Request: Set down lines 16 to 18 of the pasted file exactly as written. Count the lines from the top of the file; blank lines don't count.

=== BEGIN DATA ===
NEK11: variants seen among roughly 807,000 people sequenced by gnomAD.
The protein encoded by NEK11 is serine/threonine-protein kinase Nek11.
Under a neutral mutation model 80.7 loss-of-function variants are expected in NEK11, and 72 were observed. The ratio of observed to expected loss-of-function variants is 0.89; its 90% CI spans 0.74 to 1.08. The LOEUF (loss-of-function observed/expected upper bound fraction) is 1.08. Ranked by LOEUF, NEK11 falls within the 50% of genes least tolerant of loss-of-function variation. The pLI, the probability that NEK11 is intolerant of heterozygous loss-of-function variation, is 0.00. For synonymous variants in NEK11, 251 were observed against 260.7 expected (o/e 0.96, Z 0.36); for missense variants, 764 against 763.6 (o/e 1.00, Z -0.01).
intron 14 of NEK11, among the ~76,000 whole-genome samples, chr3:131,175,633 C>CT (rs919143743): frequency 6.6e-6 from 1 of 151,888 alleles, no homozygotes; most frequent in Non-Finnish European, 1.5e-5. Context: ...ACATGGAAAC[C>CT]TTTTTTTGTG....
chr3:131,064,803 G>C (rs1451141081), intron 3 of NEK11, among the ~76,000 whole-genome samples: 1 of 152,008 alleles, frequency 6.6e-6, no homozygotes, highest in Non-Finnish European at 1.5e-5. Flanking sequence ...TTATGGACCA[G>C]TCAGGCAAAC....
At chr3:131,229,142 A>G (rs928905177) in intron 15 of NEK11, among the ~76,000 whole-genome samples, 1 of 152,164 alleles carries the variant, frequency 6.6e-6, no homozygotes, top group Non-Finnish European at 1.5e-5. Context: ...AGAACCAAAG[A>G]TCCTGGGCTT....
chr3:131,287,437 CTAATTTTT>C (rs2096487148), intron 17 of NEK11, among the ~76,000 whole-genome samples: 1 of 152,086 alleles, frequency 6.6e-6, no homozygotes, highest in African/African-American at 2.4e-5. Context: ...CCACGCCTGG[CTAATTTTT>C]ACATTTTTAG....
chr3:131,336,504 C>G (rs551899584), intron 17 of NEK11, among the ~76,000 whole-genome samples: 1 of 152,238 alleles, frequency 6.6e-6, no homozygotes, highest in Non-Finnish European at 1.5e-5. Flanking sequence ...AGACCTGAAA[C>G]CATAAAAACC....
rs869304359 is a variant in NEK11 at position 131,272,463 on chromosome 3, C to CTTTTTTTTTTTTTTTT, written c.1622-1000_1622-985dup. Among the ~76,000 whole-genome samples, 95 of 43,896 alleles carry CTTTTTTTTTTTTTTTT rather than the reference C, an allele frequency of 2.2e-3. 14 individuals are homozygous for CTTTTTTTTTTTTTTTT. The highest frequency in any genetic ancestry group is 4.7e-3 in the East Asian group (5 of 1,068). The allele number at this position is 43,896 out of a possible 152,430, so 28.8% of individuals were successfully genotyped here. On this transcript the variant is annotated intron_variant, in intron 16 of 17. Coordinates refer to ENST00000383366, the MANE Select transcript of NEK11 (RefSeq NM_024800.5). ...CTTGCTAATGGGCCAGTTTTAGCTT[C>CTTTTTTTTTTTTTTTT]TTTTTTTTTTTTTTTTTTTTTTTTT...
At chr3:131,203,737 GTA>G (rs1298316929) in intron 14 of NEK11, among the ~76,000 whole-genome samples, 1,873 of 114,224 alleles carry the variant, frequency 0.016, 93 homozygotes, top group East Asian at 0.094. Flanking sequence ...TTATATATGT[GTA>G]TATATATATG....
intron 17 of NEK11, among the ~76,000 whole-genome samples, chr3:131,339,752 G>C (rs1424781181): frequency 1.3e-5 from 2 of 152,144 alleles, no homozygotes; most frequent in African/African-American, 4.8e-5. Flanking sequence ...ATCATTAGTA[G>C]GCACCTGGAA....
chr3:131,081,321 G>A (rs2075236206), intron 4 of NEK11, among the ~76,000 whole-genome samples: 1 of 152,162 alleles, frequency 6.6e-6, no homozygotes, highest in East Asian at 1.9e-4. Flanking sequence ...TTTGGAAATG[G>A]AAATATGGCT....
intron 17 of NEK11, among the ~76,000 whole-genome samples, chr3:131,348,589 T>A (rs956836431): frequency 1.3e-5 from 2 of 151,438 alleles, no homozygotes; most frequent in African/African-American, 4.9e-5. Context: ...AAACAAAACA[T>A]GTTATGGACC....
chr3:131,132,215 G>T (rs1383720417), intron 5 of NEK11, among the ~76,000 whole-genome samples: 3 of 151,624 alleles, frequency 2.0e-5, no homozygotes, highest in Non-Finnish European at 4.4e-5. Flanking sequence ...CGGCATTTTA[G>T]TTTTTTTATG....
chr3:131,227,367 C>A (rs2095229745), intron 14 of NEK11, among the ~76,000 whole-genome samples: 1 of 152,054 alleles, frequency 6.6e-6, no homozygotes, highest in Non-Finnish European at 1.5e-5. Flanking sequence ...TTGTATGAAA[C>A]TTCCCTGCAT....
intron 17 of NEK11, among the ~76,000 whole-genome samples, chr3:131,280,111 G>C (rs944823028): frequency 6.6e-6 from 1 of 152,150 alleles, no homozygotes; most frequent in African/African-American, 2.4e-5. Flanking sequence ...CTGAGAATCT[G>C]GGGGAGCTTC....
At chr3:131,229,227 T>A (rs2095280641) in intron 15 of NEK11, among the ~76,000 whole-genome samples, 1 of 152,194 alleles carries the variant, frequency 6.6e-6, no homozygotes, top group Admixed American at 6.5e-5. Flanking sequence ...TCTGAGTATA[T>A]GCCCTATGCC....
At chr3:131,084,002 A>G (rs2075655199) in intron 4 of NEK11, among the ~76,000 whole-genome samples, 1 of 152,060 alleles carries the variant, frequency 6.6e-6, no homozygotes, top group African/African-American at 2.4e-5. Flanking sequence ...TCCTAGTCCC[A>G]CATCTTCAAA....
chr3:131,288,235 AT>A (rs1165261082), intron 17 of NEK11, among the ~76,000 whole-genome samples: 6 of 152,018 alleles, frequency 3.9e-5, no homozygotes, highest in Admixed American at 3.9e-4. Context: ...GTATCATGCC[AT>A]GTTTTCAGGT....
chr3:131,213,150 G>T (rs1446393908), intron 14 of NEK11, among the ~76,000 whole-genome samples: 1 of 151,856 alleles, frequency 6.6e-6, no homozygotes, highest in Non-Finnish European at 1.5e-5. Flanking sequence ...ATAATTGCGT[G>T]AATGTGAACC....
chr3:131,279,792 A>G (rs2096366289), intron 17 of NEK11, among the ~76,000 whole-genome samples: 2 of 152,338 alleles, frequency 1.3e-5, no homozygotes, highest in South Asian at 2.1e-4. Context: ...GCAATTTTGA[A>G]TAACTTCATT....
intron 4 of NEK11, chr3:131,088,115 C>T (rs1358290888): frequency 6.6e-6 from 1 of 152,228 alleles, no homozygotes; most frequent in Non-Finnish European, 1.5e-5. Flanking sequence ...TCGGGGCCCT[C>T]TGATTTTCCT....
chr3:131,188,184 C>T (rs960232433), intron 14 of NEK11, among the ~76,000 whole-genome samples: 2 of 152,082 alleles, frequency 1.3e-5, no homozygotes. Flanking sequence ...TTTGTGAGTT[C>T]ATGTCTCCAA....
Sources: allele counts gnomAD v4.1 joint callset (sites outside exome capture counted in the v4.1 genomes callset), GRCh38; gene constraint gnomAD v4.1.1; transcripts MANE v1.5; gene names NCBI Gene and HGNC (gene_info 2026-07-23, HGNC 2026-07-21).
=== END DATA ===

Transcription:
intron 17 of NEK11, among the ~76,000 whole-genome samples, chr3:131,280,111 G>C (rs944823028): frequency 6.6e-6 from 1 of 152,150 alleles, no homozygotes; most frequent in African/African-American, 2.4e-5. Flanking sequence ...CTGAGAATCT[G>C]GGGGAGCTTC....
At chr3:131,229,227 T>A (rs2095280641) in intron 15 of NEK11, among the ~76,000 whole-genome samples, 1 of 152,194 alleles carries the variant, frequency 6.6e-6, no homozygotes, top group Admixed American at 6.5e-5. Flanking sequence ...TCTGAGTATA[T>A]GCCCTATGCC....
At chr3:131,084,002 A>G (rs2075655199) in intron 4 of NEK11, among the ~76,000 whole-genome samples, 1 of 152,060 alleles carries the variant, frequency 6.6e-6, no homozygotes, top group African/African-American at 2.4e-5. Flanking sequence ...TCCTAGTCCC[A>G]CATCTTCAAA....